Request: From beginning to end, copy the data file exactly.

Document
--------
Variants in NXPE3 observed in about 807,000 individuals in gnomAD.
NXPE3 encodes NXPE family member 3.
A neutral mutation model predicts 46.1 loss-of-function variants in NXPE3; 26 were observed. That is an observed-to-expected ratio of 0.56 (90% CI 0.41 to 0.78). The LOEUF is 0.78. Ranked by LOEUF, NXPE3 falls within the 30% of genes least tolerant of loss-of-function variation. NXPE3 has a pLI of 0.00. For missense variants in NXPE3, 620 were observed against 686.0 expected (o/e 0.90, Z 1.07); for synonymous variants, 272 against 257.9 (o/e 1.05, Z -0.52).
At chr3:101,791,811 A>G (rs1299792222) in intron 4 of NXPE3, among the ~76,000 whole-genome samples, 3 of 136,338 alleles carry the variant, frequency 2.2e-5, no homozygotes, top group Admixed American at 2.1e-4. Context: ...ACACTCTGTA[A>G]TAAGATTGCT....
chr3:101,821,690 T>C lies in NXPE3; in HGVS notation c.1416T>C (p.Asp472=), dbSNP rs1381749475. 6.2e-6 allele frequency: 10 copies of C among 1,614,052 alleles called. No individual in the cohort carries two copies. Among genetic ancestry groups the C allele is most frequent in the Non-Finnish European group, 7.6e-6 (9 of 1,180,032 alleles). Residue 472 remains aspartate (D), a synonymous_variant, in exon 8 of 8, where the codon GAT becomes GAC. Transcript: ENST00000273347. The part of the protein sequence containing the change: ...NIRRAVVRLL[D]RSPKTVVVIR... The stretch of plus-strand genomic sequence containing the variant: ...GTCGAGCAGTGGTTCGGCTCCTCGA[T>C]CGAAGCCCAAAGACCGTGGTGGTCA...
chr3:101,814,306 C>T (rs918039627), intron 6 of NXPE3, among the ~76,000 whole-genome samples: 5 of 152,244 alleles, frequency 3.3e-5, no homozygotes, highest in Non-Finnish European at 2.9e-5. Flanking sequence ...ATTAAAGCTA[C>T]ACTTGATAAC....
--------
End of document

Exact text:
Variants in NXPE3 observed in about 807,000 individuals in gnomAD.
NXPE3 encodes NXPE family member 3.
A neutral mutation model predicts 46.1 loss-of-function variants in NXPE3; 26 were observed. That is an observed-to-expected ratio of 0.56 (90% CI 0.41 to 0.78). The LOEUF is 0.78. Ranked by LOEUF, NXPE3 falls within the 30% of genes least tolerant of loss-of-function variation. NXPE3 has a pLI of 0.00. For missense variants in NXPE3, 620 were observed against 686.0 expected (o/e 0.90, Z 1.07); for synonymous variants, 272 against 257.9 (o/e 1.05, Z -0.52).
At chr3:101,791,811 A>G (rs1299792222) in intron 4 of NXPE3, among the ~76,000 whole-genome samples, 3 of 136,338 alleles carry the variant, frequency 2.2e-5, no homozygotes, top group Admixed American at 2.1e-4. Context: ...ACACTCTGTA[A>G]TAAGATTGCT....
chr3:101,821,690 T>C lies in NXPE3; in HGVS notation c.1416T>C (p.Asp472=), dbSNP rs1381749475. 6.2e-6 allele frequency: 10 copies of C among 1,614,052 alleles called. No individual in the cohort carries two copies. Among genetic ancestry groups the C allele is most frequent in the Non-Finnish European group, 7.6e-6 (9 of 1,180,032 alleles). Residue 472 remains aspartate (D), a synonymous_variant, in exon 8 of 8, where the codon GAT becomes GAC. Transcript: ENST00000273347. The part of the protein sequence containing the change: ...NIRRAVVRLL[D]RSPKTVVVIR... The stretch of plus-strand genomic sequence containing the variant: ...GTCGAGCAGTGGTTCGGCTCCTCGA[T>C]CGAAGCCCAAAGACCGTGGTGGTCA...
chr3:101,814,306 C>T (rs918039627), intron 6 of NXPE3, among the ~76,000 whole-genome samples: 5 of 152,244 alleles, frequency 3.3e-5, no homozygotes, highest in Non-Finnish European at 2.9e-5. Flanking sequence ...ATTAAAGCTA[C>T]ACTTGATAAC....